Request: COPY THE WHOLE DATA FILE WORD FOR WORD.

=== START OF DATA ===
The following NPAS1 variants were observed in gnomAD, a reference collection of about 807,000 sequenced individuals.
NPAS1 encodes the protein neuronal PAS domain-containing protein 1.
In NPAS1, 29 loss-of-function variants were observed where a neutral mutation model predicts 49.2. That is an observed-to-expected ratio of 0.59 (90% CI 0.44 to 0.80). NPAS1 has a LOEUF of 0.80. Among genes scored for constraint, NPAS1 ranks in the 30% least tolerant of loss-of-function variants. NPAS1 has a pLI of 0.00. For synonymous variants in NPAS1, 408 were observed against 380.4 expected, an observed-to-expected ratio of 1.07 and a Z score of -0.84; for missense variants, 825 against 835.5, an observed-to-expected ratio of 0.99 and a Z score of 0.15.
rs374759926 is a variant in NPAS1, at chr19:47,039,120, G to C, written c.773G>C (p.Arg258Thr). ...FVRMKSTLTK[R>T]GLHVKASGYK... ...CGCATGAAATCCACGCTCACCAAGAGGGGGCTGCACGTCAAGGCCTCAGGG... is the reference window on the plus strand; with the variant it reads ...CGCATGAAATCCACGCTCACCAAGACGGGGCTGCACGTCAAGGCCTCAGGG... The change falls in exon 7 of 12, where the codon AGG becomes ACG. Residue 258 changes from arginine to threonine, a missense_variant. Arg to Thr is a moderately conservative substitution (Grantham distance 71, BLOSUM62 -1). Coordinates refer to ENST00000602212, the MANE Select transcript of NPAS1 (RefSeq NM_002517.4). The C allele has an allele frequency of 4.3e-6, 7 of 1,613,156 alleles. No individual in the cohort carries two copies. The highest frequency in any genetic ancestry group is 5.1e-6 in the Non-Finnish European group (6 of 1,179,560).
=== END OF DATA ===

The following NPAS1 variants were observed in gnomAD, a reference collection of about 807,000 sequenced individuals.
NPAS1 encodes the protein neuronal PAS domain-containing protein 1.
In NPAS1, 29 loss-of-function variants were observed where a neutral mutation model predicts 49.2. That is an observed-to-expected ratio of 0.59 (90% CI 0.44 to 0.80). NPAS1 has a LOEUF of 0.80. Among genes scored for constraint, NPAS1 ranks in the 30% least tolerant of loss-of-function variants. NPAS1 has a pLI of 0.00. For synonymous variants in NPAS1, 408 were observed against 380.4 expected, an observed-to-expected ratio of 1.07 and a Z score of -0.84; for missense variants, 825 against 835.5, an observed-to-expected ratio of 0.99 and a Z score of 0.15.
rs374759926 is a variant in NPAS1, at chr19:47,039,120, G to C, written c.773G>C (p.Arg258Thr). ...FVRMKSTLTK[R>T]GLHVKASGYK... ...CGCATGAAATCCACGCTCACCAAGAGGGGGCTGCACGTCAAGGCCTCAGGG... is the reference window on the plus strand; with the variant it reads ...CGCATGAAATCCACGCTCACCAAGACGGGGCTGCACGTCAAGGCCTCAGGG... The change falls in exon 7 of 12, where the codon AGG becomes ACG. Residue 258 changes from arginine to threonine, a missense_variant. Arg to Thr is a moderately conservative substitution (Grantham distance 71, BLOSUM62 -1). Coordinates refer to ENST00000602212, the MANE Select transcript of NPAS1 (RefSeq NM_002517.4). The C allele has an allele frequency of 4.3e-6, 7 of 1,613,156 alleles. No individual in the cohort carries two copies. The highest frequency in any genetic ancestry group is 5.1e-6 in the Non-Finnish European group (6 of 1,179,560).